On Halloween Eve, All Hallow’s Eve, thousands of children all across North America disguise themselves in costumes and go door to door, often with their parents, ringing doorbells, chorusing ‘Trick-or-Treat’ by way of offering an idle threat to perform a trick of mischief if not given a treat of a sweet. Children usually go home with more candy than they could ever eat, and often end up with a stomach ache that night. Even if they manage to sparse it out over days or weeks, it is still way too much sugar, poor quality fats, artificial colors, artificial flavors, and preservatives, all wrapped in plastic, non-biodegradable wrappers. Not much of a treat. More of a toxin.
All that sugar is not good for children, or adults for that matter. We’ve got an epidemic of childhood obesity and diabetes in the USA. According to the data from the National Health and Nutrition Examination Survey about 17% of children and teenagers between the ages of 2 and 19 years are obese! That’s approaching 1 in 5. Obesity rates among children have tripled in the last three decades. The country is overfeeding it’s kids.
The Centers for Disease Control and Prevention (CDC for short) funded research on childhood diabetes finds that clinicians are diagnosing more children with Type 2 diabetes, a disease normally found in adults over 40. Too much screen time, not enough exercise, combined with the epidemic of obesity likely account for the increase in Type 2 diabetes we are seeing in children.
Dr. Danny Gilchrist, a dentist in Stevens Point, Wisconsin, with inspiration from his office manager, Stephanie, decided to do something about the Halloween toxic overload. It’s a fantastic
harm reduction scheme. The day after Halloween he buys back candy from the children at the rate
of $1/pound. Last year he collected 200 pounds of candy, boxed it up, and shipped it off to Operation Gratitude to be included in the care packages they send to overseas military troops. Buying candy back from the kids is a great way to lighten the sugar load. Fewer belly aches and fewer dental cavities. Fewer sugar highs and lows, with their associated hyperactivity and mood disturbances. In the long haul it probably won’t have much effect on obesity or diabetes rates, but it sends a clear and strong message that candy is not good for you. It’s a poison.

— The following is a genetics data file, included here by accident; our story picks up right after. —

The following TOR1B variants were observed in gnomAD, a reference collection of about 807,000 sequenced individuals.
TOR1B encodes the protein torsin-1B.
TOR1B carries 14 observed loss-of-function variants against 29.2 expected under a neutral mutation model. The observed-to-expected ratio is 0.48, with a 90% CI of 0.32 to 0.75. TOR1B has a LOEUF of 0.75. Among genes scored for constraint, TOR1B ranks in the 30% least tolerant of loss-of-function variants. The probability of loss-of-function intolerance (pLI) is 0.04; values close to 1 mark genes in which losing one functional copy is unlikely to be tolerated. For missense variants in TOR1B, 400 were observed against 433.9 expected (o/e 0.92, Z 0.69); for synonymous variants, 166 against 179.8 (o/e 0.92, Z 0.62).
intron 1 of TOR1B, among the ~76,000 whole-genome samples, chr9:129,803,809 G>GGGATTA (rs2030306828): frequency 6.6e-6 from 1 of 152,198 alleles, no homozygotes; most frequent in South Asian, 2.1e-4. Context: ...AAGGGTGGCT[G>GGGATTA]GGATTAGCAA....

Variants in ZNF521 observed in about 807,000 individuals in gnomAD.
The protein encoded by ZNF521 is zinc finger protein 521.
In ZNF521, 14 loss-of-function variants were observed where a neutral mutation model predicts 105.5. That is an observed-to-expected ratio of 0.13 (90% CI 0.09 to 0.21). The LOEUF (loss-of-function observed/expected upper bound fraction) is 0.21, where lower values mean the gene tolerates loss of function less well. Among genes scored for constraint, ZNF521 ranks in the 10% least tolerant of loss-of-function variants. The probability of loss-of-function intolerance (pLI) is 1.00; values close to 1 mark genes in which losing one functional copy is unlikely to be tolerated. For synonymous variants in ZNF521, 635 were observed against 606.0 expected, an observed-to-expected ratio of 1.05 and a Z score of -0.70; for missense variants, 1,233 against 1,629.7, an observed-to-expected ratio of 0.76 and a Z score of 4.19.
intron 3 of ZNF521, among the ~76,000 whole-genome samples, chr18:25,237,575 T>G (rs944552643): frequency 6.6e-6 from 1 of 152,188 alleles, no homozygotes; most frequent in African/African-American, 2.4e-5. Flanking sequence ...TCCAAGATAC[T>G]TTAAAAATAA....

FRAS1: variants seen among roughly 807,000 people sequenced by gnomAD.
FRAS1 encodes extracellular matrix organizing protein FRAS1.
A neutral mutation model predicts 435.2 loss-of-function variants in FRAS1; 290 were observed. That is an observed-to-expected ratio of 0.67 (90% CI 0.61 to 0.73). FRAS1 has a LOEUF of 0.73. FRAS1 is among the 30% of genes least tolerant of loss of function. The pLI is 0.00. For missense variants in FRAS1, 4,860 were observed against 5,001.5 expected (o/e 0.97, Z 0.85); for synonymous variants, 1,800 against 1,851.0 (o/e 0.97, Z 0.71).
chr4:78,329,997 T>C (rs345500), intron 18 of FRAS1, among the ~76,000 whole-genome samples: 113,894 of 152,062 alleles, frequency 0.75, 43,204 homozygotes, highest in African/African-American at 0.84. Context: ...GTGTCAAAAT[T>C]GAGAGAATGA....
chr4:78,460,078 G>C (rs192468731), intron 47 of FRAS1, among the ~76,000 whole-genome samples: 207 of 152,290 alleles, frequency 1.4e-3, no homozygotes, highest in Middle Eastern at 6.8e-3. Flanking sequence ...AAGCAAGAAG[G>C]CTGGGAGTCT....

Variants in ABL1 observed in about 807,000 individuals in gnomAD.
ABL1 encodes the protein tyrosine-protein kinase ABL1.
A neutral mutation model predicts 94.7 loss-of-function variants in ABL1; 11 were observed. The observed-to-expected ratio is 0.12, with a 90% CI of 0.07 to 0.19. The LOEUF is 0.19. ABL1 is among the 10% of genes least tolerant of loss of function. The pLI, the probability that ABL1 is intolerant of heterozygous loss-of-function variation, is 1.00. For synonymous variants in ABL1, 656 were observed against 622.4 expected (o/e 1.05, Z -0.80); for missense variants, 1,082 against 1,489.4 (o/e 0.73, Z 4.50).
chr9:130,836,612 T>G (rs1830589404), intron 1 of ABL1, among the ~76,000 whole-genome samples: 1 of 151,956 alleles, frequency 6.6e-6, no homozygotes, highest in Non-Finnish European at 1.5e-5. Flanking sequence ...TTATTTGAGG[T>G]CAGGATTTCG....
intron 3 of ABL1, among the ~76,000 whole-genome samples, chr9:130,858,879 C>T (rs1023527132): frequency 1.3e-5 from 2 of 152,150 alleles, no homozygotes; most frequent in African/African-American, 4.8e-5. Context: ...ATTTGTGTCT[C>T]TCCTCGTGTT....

Last year Operation Gratitude collected 127.5 tons of candy. Tons, not pounds. Tons. My question is whether all that candy is good for the troops either. Being on active military duty overseas is stressful. Violence creates a toxic environment. Veterans are coming back traumatized with symptoms of post traumatic stress disorder. Besides coming home soon, they need care, protection, and good nutrition. Though I’m sure the troops appreciate and enjoy the candy, they would probably benefit more from fresh organic vegetables than highly processed sugar bombs. In any case, the intention is sweet. And the pun is fully intended.
The tradition of begging for candy on Halloween Eve is said to originate from the late medieval practice of children and poor folk going door to door singing prayers for the dead on the evening before All Hallow’s Day, or Hallowmas, traditionally a day to remember the deceased, including the saints and martyrs. Homemade “soul cakes” filled with sweet spices, raisins, and currants, topped with the mark of a cross to signify were given out to the “soulers.” In our current era, manufactured, pre-wrapped candies are given for fear that some crazy sociopath could intentionally poison unwrapped treats with toxins, other than sugar.
I’m putting a call out to you, the Nei Jing Now listeners and readers, to offer ideas about how to further develop the Trick-or-Treat tradition. What treats could we give out that are less toxic? Treats that are not basically boluses of sugar flavored with chemicals. Treats that can be packaged in a biodegradable wrapper. And until the time that your ideas for the new and improved Halloween treats become massively popular, what should we do with all that bought back candy? Should it all go in a landfill? Should we find colonies of ants that can use it? Last year I saw a news clip in Wisconsin describing farmers mixing tons of leftover candy corn, that treat that none of the kids like, into feed for cows. Just what we need, diabetic cows!